Having an infinitely growing list of books to read and an infinitely shrinking bank account are generally not the best combination. As a college student who has plenty of things to budget for, I used to find myself leaving books on my TBR list simply because I didn’t want to spend money on them. But here’s the thing—crossing books off your list doesn’t have to drain your bank account.
Before I go much further, I just want to emphasize that the most direct way to support authors is to buy their books at full price from a bookstore. If you have the money to spend on books, do it. That said, as a general rule of thumb, if the choice is between borrowing books or buying them secondhand and not reading them at all, go with the former. We all want to support authors as often as possible, but sometimes it just isn’t in the budget, and that’s okay! Opting for a cheaper version may just give an author one more devoted reader who will buy all of their books when they have the money to do so.
Now that that’s out of the way, here are my favorite cheap ways to get books!
I know, I know. Obviously. But I just want this to be my first point, because if you spend too much time scrolling through aesthetic bookstagram photos like I do, it can start to feel like everyone who loves to read needs to have a wall of their bedroom dedicated to storing books. Not the case. Supporting my local library is honestly one of my favorite ways to discover new books that I wouldn’t have spent money on.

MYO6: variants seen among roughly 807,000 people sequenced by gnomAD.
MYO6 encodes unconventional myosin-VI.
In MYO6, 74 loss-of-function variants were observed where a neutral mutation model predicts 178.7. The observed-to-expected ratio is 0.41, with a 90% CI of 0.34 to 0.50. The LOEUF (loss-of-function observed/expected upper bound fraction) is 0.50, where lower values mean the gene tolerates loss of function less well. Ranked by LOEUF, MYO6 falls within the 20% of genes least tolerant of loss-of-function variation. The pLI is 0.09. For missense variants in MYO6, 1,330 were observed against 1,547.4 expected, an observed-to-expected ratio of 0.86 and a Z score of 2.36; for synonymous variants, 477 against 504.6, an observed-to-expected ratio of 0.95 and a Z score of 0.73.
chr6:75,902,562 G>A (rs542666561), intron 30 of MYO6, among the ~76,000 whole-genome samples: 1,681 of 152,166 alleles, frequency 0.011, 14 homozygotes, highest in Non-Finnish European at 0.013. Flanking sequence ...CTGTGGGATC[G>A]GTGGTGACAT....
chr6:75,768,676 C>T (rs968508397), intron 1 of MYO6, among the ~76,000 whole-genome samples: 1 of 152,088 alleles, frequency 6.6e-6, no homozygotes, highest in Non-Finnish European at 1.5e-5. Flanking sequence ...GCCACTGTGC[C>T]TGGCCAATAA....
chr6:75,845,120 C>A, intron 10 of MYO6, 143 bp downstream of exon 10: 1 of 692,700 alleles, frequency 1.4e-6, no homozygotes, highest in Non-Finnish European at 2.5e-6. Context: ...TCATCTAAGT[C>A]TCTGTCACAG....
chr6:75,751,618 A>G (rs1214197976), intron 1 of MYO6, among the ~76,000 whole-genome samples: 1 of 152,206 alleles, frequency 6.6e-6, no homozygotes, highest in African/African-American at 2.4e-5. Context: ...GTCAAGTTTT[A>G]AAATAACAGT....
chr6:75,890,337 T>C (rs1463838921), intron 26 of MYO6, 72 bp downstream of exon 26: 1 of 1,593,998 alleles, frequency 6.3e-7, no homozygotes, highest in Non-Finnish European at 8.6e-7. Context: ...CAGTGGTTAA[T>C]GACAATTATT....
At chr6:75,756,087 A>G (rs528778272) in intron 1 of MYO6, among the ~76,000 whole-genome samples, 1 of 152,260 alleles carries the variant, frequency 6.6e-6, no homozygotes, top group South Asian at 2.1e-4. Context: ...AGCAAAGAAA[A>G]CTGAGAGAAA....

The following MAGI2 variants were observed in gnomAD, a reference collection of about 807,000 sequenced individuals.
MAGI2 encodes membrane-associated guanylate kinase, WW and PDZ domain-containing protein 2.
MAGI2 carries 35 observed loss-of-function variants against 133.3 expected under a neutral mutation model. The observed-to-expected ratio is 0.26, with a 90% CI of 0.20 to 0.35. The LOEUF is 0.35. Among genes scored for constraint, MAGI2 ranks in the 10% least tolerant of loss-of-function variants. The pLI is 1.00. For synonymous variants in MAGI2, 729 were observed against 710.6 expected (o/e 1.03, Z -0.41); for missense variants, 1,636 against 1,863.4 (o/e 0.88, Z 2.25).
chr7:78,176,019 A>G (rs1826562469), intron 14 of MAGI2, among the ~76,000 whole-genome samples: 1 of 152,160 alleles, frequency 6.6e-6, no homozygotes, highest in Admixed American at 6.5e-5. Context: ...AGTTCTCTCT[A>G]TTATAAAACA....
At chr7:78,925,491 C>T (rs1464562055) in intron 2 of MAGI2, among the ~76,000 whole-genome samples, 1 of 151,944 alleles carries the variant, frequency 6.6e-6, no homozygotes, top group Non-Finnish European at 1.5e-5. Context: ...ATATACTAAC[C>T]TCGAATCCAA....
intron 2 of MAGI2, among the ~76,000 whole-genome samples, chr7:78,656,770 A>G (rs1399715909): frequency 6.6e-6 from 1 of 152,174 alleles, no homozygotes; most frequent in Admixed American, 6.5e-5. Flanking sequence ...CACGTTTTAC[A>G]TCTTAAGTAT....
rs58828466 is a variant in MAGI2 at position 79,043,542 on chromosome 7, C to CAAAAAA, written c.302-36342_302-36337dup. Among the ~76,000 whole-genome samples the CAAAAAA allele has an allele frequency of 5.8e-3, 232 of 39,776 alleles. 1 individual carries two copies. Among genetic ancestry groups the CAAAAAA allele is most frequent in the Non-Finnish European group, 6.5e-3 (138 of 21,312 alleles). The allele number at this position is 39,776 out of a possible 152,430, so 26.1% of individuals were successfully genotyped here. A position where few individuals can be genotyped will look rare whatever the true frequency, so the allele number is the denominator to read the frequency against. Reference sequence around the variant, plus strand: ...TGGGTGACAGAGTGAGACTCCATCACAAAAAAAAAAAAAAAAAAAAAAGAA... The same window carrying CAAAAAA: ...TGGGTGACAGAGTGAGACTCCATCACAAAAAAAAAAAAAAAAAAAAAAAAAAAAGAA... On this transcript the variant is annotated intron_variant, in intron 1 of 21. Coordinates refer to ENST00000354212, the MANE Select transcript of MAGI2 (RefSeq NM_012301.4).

If you’re a college student like me, don’t forget that there’s probably a local library somewhere near your school! Stopping by to get a new library card instead of buying from Amazon also might just introduce you to your new favorite study spot.
2. The Libby App
If you’re getting audiobooks from audible… stop. Libby is one of my favorite apps for 2 reasons: 1) it connects right to your library card, so you have access to all digital resources from your local library on your phone or computer; and 2) it’s completely free.
I generally use Libby for audiobooks, but they’re great for ebooks too! This is probably the easiest way to access free books from anywhere at any time, so I would highly recommend it.
3. Used bookstores
Like I said before, authors don’t get money when their books are bought secondhand. That’s why I like to use Thriftbooks to explore new authors, and once I really get into a series, I try to buy it full price.
Used bookstores are also just fun places to go and browse. They have books that you might not find at your local Barnes and Noble, so it’s a great way to explore new genres and authors.
4. Borrow from a friend.
Have a book that you want to force everyone you know to read? Lend it to them—and ask them to lend you one in return. There are few things as exciting as reading and loving a book someone recommended to you, and then being able to talk to them about it. And if you like your friend’s taste, do it again.
5. Wait for the paperback.
I know. “Wait.” This is probably my least favorite thing on this list, but paperbacks are generally much cheaper than hardcovers. So if you can do without the dust jacket and/or if you’re good at avoiding spoilers for extended periods of time, this one’s for you.
If you’ve ever walked out of a bookstore empty-handed because you had to save money for something else, I hope this post will help you finally start crossing books off your list. This was not by any means an exhaustive list of how to save money on books, so if you have any more tips for getting books on a budget, I would love to hear them!